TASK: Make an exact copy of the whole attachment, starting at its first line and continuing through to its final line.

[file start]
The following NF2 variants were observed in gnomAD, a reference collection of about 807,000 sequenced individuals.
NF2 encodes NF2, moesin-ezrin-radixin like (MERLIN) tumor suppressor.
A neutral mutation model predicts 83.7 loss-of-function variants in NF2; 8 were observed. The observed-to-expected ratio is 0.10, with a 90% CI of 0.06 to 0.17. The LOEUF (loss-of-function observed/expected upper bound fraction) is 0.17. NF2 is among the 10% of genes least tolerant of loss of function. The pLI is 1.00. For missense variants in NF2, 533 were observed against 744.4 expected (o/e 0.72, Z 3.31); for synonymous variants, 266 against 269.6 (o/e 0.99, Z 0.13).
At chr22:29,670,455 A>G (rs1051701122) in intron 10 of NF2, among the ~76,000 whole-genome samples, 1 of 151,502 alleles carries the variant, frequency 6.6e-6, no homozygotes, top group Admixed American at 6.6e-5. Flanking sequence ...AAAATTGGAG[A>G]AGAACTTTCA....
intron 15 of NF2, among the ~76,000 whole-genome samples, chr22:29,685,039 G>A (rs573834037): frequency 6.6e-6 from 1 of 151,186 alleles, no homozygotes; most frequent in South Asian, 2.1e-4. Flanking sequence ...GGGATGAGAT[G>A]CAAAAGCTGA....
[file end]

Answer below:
The following NF2 variants were observed in gnomAD, a reference collection of about 807,000 sequenced individuals.
NF2 encodes NF2, moesin-ezrin-radixin like (MERLIN) tumor suppressor.
A neutral mutation model predicts 83.7 loss-of-function variants in NF2; 8 were observed. The observed-to-expected ratio is 0.10, with a 90% CI of 0.06 to 0.17. The LOEUF (loss-of-function observed/expected upper bound fraction) is 0.17. NF2 is among the 10% of genes least tolerant of loss of function. The pLI is 1.00. For missense variants in NF2, 533 were observed against 744.4 expected (o/e 0.72, Z 3.31); for synonymous variants, 266 against 269.6 (o/e 0.99, Z 0.13).
At chr22:29,670,455 A>G (rs1051701122) in intron 10 of NF2, among the ~76,000 whole-genome samples, 1 of 151,502 alleles carries the variant, frequency 6.6e-6, no homozygotes, top group Admixed American at 6.6e-5. Flanking sequence ...AAAATTGGAG[A>G]AGAACTTTCA....
intron 15 of NF2, among the ~76,000 whole-genome samples, chr22:29,685,039 G>A (rs573834037): frequency 6.6e-6 from 1 of 151,186 alleles, no homozygotes; most frequent in South Asian, 2.1e-4. Flanking sequence ...GGGATGAGAT[G>A]CAAAAGCTGA....